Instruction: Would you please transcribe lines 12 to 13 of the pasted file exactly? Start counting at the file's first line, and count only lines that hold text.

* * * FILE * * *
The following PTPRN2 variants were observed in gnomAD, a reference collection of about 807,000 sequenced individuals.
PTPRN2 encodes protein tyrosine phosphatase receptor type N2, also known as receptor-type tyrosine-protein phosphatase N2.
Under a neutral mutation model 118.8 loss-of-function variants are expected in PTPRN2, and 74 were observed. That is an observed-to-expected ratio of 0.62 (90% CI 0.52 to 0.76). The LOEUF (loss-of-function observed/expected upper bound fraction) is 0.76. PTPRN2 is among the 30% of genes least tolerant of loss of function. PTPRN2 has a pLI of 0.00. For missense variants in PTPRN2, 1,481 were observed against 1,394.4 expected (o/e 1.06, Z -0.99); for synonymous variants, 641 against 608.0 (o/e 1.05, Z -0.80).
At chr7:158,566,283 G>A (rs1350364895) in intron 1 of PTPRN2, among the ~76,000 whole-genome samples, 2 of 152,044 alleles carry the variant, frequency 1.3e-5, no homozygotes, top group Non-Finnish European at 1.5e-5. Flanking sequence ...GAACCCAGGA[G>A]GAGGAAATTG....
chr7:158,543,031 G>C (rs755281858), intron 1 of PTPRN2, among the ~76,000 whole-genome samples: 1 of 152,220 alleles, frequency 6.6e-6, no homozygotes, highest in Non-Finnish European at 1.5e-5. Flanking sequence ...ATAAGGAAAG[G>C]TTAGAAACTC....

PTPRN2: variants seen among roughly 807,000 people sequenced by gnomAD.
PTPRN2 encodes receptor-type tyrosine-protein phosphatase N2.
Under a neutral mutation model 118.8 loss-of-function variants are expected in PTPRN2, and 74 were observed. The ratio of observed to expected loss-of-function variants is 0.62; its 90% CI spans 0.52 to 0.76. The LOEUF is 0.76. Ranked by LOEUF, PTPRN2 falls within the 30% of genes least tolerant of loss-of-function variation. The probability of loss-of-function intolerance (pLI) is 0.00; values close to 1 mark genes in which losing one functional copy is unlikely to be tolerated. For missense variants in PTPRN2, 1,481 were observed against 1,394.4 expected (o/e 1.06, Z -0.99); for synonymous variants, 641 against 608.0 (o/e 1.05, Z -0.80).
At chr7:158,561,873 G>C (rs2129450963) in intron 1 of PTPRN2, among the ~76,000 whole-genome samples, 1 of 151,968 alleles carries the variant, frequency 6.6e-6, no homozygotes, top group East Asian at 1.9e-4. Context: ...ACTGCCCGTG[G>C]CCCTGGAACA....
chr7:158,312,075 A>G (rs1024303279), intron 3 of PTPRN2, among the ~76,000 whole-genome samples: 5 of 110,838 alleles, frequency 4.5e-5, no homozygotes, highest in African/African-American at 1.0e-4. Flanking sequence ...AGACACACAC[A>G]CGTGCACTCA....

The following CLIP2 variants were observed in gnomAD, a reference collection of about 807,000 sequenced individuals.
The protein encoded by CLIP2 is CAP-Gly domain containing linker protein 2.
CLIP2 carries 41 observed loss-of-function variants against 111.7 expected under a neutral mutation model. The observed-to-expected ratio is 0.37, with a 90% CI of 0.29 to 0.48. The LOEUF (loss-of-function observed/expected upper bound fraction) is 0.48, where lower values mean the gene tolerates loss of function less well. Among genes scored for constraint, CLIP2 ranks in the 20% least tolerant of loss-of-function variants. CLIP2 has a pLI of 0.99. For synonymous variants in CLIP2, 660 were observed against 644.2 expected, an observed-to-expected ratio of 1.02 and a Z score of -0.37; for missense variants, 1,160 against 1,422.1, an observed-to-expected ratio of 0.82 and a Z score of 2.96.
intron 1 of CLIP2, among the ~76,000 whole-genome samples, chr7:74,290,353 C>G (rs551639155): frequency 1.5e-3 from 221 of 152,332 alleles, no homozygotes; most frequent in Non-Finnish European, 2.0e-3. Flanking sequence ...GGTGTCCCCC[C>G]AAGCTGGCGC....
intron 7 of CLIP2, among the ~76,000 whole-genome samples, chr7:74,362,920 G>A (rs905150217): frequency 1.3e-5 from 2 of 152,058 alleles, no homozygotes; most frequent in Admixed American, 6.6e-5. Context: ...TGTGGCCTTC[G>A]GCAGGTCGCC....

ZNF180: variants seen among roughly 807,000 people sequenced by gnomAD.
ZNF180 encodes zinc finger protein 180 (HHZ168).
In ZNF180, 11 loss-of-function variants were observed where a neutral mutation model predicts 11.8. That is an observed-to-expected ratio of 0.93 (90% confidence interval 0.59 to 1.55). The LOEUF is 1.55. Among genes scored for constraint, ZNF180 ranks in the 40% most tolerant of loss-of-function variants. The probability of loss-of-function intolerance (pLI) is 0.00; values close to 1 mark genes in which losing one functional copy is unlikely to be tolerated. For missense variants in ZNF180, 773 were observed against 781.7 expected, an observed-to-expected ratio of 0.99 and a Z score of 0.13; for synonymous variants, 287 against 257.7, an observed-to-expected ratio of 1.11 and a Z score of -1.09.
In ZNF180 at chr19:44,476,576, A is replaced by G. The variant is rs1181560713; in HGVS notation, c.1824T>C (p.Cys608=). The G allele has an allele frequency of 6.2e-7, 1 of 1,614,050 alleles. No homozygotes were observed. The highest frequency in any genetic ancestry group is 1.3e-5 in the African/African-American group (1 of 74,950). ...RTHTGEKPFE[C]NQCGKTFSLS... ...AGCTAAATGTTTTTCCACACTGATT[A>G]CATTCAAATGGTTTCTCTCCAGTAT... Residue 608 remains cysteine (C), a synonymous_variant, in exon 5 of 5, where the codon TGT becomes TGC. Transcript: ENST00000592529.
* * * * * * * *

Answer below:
The protein encoded by CLIP2 is CAP-Gly domain containing linker protein 2.
CLIP2 carries 41 observed loss-of-function variants against 111.7 expected under a neutral mutation model. The observed-to-expected ratio is 0.37, with a 90% CI of 0.29 to 0.48. The LOEUF (loss-of-function observed/expected upper bound fraction) is 0.48, where lower values mean the gene tolerates loss of function less well. Among genes scored for constraint, CLIP2 ranks in the 20% least tolerant of loss-of-function variants. CLIP2 has a pLI of 0.99. For synonymous variants in CLIP2, 660 were observed against 644.2 expected, an observed-to-expected ratio of 1.02 and a Z score of -0.37; for missense variants, 1,160 against 1,422.1, an observed-to-expected ratio of 0.82 and a Z score of 2.96.